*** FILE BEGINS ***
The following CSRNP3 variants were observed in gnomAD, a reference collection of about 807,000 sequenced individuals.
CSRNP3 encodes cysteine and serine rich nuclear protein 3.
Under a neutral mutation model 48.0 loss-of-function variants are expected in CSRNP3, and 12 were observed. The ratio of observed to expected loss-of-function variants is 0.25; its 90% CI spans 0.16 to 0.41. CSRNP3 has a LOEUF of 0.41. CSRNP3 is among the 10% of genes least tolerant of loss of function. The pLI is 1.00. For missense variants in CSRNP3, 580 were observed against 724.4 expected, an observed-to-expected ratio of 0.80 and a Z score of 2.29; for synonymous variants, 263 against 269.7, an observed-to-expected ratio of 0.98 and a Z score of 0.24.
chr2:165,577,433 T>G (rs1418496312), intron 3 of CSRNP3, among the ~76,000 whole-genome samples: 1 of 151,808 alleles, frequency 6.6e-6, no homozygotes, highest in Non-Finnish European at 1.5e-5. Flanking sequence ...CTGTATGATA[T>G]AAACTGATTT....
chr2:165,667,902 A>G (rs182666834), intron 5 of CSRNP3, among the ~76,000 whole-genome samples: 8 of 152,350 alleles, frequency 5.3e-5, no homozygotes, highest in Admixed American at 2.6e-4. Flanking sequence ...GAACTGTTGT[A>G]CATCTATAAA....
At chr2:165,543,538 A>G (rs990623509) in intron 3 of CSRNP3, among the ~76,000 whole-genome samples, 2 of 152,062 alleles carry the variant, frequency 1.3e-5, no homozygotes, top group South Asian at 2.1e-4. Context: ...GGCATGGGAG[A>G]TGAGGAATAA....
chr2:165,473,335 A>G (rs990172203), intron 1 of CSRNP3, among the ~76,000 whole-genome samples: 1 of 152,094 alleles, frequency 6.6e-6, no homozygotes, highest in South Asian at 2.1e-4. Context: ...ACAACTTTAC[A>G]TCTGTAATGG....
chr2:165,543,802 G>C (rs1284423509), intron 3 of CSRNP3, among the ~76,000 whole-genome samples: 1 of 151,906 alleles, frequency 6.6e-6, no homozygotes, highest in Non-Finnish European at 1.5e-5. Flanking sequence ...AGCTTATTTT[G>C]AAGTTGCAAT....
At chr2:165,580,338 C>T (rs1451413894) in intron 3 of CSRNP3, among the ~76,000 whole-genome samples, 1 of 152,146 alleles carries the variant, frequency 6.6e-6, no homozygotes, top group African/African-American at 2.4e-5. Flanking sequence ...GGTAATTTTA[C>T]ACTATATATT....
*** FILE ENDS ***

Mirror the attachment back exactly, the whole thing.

The following CSRNP3 variants were observed in gnomAD, a reference collection of about 807,000 sequenced individuals.
CSRNP3 encodes cysteine and serine rich nuclear protein 3.
Under a neutral mutation model 48.0 loss-of-function variants are expected in CSRNP3, and 12 were observed. The ratio of observed to expected loss-of-function variants is 0.25; its 90% CI spans 0.16 to 0.41. CSRNP3 has a LOEUF of 0.41. CSRNP3 is among the 10% of genes least tolerant of loss of function. The pLI is 1.00. For missense variants in CSRNP3, 580 were observed against 724.4 expected, an observed-to-expected ratio of 0.80 and a Z score of 2.29; for synonymous variants, 263 against 269.7, an observed-to-expected ratio of 0.98 and a Z score of 0.24.
chr2:165,577,433 T>G (rs1418496312), intron 3 of CSRNP3, among the ~76,000 whole-genome samples: 1 of 151,808 alleles, frequency 6.6e-6, no homozygotes, highest in Non-Finnish European at 1.5e-5. Flanking sequence ...CTGTATGATA[T>G]AAACTGATTT....
chr2:165,667,902 A>G (rs182666834), intron 5 of CSRNP3, among the ~76,000 whole-genome samples: 8 of 152,350 alleles, frequency 5.3e-5, no homozygotes, highest in Admixed American at 2.6e-4. Flanking sequence ...GAACTGTTGT[A>G]CATCTATAAA....
At chr2:165,543,538 A>G (rs990623509) in intron 3 of CSRNP3, among the ~76,000 whole-genome samples, 2 of 152,062 alleles carry the variant, frequency 1.3e-5, no homozygotes, top group South Asian at 2.1e-4. Context: ...GGCATGGGAG[A>G]TGAGGAATAA....
chr2:165,473,335 A>G (rs990172203), intron 1 of CSRNP3, among the ~76,000 whole-genome samples: 1 of 152,094 alleles, frequency 6.6e-6, no homozygotes, highest in South Asian at 2.1e-4. Context: ...ACAACTTTAC[A>G]TCTGTAATGG....
chr2:165,543,802 G>C (rs1284423509), intron 3 of CSRNP3, among the ~76,000 whole-genome samples: 1 of 151,906 alleles, frequency 6.6e-6, no homozygotes, highest in Non-Finnish European at 1.5e-5. Flanking sequence ...AGCTTATTTT[G>C]AAGTTGCAAT....
At chr2:165,580,338 C>T (rs1451413894) in intron 3 of CSRNP3, among the ~76,000 whole-genome samples, 1 of 152,146 alleles carries the variant, frequency 6.6e-6, no homozygotes, top group African/African-American at 2.4e-5. Flanking sequence ...GGTAATTTTA[C>T]ACTATATATT....